Monday, August 30, 2010

Nothing Comes Amiss; So Money Comes Withal

I was going to write about interstellar mayhem and space battles of epic scale; or perhaps write a bit of EVE telenovella, featuring manly space men and delectable space piratesses twined together in star-shattering coitus.

But no.

In response to my last post about the goings on in nullsec between Atlas, RUS and Pandemic Legion, Mynxee raised a question about the impact of real money trading (RMT) on the politics and events in nullsec. The question struck something of a chord among followers of The Edge. Emails have arrived with some extensive comments and interesting questions. A response if called for. So, once again I am called upon to hold forth on virtual world economics. 

Thanks a lot Mynxee. 

Now, in order to set up a discussion of RMT as an in-game driver of events, I need to preface a bit about RMT as a phenomenon so we're all on the same page.

RMT is, in essence, the exchange of real world currency for virtual in-game assets. Most people involved in playing EVE or any other popular MMORPG with a virtual economy are familiar with RMT in the form of currency trading. This usually takes the form of a player paying real world currency for in-game currency.


In the case of EVE (as with a number of the larger MMORPGs) the sale of in-game currency on the open market has been forbidden for some time. Players caught so doing can be banned for life from the game. In its current effort to combat RMT (Unholy Rage) , CCP has combined enforcement with partial legalization of currency trading  in the form of PLEX sales. As most readers of Fiddler's Edge know, player may purchase PLEX with real world currency. A PLEX  can then be sold in-game for EVE Interstellar Credits (ISK) and used by the buyer to pay for EVE subscription time.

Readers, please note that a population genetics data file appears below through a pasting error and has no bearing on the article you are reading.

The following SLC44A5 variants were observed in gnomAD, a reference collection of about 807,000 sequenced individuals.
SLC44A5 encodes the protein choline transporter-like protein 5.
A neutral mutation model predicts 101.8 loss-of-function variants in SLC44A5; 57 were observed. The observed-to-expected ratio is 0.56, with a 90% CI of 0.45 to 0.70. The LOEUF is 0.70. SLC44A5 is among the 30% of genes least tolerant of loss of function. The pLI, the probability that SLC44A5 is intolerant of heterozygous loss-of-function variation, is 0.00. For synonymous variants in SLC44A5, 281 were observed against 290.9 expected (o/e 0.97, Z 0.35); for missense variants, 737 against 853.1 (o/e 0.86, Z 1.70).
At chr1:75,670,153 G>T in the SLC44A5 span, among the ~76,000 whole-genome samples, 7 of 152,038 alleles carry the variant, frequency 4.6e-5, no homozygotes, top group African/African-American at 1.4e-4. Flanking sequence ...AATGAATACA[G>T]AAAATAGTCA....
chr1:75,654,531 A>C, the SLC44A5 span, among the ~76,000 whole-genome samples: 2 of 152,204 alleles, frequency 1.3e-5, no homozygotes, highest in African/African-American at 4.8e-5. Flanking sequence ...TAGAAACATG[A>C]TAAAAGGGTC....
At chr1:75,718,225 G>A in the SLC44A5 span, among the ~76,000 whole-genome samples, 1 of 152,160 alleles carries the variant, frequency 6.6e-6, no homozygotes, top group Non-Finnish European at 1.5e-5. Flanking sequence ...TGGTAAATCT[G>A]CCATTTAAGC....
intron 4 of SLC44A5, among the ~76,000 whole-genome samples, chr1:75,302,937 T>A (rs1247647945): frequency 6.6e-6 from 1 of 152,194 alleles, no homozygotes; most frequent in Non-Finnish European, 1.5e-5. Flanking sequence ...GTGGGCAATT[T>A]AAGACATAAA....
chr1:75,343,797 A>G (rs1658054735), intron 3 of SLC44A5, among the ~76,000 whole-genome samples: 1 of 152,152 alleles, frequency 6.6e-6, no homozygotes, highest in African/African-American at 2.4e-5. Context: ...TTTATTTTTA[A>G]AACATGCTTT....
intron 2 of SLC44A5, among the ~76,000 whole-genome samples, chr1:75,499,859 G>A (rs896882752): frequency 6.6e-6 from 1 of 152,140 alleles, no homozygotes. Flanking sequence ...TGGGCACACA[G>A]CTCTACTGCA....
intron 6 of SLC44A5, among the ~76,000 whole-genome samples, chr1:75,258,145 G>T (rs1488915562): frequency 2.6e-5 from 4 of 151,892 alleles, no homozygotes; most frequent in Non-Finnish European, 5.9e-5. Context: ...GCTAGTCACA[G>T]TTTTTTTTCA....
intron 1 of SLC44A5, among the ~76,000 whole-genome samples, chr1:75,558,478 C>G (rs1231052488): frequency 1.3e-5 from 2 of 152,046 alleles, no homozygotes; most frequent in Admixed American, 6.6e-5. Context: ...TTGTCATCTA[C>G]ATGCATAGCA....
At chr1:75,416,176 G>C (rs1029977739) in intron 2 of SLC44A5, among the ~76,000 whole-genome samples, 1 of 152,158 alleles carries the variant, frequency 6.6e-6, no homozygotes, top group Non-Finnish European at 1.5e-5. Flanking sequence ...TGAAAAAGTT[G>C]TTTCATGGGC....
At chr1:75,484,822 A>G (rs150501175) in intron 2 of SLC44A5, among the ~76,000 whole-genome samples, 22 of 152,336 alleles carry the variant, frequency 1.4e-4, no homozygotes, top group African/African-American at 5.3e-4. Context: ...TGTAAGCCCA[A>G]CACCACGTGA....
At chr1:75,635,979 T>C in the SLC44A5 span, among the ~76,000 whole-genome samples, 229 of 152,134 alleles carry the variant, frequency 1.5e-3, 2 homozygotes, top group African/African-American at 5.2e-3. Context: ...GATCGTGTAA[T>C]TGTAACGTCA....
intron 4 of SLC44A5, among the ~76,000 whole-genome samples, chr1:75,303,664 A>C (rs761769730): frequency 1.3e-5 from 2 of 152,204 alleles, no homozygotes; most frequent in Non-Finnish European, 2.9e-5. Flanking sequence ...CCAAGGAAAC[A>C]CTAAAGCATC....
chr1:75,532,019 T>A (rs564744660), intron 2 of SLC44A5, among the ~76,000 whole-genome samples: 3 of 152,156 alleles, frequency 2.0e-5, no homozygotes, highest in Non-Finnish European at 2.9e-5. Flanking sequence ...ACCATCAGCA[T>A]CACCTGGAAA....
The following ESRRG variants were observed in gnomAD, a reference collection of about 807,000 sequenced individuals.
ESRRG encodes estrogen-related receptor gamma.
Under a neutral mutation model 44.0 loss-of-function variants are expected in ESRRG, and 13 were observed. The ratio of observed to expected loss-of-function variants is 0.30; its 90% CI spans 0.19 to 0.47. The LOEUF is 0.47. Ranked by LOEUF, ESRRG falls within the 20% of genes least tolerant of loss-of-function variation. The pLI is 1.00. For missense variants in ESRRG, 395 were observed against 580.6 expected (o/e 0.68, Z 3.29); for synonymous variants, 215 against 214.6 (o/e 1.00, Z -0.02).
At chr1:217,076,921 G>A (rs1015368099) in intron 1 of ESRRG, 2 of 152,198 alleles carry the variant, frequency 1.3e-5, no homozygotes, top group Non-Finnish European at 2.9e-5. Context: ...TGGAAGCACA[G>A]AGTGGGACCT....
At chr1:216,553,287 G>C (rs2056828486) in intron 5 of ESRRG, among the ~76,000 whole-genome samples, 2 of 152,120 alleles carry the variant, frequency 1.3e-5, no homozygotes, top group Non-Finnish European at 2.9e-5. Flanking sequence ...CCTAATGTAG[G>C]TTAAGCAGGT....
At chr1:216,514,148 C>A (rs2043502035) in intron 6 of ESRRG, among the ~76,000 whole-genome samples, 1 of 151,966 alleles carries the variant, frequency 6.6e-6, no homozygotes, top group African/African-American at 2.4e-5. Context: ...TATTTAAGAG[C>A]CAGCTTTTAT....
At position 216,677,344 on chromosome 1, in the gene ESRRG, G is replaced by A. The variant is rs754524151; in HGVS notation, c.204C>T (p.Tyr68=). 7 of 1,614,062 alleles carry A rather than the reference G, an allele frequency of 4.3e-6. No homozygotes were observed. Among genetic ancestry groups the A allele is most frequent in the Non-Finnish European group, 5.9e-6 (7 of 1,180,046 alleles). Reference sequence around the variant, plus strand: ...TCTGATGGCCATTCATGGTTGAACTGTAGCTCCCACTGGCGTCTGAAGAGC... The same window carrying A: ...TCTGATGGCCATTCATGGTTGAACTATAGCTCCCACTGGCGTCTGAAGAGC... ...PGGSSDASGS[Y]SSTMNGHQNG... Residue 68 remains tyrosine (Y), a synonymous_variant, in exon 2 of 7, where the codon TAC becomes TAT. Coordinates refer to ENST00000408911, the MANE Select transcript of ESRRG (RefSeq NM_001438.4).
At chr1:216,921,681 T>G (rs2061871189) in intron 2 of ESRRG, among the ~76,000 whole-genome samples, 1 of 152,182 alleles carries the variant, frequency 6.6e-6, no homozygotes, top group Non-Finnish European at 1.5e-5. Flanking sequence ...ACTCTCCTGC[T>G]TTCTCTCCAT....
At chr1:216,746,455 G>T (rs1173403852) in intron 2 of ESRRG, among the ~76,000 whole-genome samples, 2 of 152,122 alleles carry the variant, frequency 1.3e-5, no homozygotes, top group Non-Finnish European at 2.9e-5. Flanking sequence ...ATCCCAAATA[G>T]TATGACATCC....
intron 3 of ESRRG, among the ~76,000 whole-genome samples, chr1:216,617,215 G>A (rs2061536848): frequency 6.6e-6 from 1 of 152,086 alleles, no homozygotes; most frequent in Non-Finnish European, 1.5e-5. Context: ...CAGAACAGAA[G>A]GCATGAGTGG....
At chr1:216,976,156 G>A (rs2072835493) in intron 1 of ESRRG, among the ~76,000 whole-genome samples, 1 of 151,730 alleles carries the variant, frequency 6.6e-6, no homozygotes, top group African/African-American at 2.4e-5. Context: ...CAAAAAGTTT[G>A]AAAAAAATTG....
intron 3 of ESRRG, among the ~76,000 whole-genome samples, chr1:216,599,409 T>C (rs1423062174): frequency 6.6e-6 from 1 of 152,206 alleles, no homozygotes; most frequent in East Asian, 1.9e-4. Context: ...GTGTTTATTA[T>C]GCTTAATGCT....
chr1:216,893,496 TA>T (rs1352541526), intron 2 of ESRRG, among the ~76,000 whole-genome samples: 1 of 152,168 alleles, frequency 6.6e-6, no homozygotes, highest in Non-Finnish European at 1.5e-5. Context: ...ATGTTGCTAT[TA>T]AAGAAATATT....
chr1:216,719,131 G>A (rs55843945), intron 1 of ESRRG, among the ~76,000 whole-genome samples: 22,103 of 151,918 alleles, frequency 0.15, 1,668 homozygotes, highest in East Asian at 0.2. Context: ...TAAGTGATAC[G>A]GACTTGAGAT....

Despite the best efforts of game developers like CCP, RMT outside of officially sanctioned means persists. In fact, RMT is, at present, a multi-billion dollar business in which some participants make six figure incomes. Given that sort of incentive, and with no real-world consequences if caught breaking the rules, RMT is proving exceptionally hard to control.

The currency trading manifestation of RMT drives a lot of activities that make EVE less fun for the recreational player. Macro mining or missioning, running mining or missioning ships 23/7 using programmed routines, generates a lot of isk for the person running the Macros to trade for real-world cash, but depletes in-game resources and depresses the financial rewards for recreational players.    

But, isk is only one in-game asset that can be exchanged for real cash. Characters are routinely bought and sold via a number of outlets. In countries where labor is cheap, character farms, where rooms of players work long hours grinding missions and training up characters for sale, are common. The same is true of of any purchasable asset in game - from spaceships to POS to space stations to systems to entire regions.

Anything that can be possessed by an EVE character, including the EVE character, can be purchased for real money. And all such activities count as RMT. And in this context, RMT can devalue in-game currency and interfere with in-game market mechanics. Scarce items, such as Titans become scarcer still if the preferred buyer is someone paying Euros rather than isk, driving their price in isk upwards, and drawing more players into the RMT black market.


But wait, there's more.

The sale of services is a part of any country's gross domestic product (GDP). In other words, services are an asset that can be bought or sold. As with real economies, so to with virtual economies. In addition to EVE things, an EVE player's services can be bought for real money.

Think about that for a second:

Lets say you're a really, really good fleet commander - a very Napoleon of New Eden.  Everybody wants you to join their nullsec alliance and lead their fleets to victory.  You're getting offers from everywhere offering you all sorts of in-game goodies to get you to join up. And then someone contacts you, offering you $1000 a month to be one of their fleet commanders. $1000, just for playing a game you already love. And if you're the right kind of player, that sort of money might relieve you of the need to keep a real world job. Your job? EVE Fleet Commander. You can stay online all day long, planning and directing operations while your competition, the poor slobs, can't log on until their work day is over.

The same holds true of any profession in EVE (CEO, Directors of Industry, Spy) where a highly skilled player, free to operate on a professional rather than recreational basis, gives his corporation or alliance a profound edge over the non-professional competition.

Finally, lets talk bribery.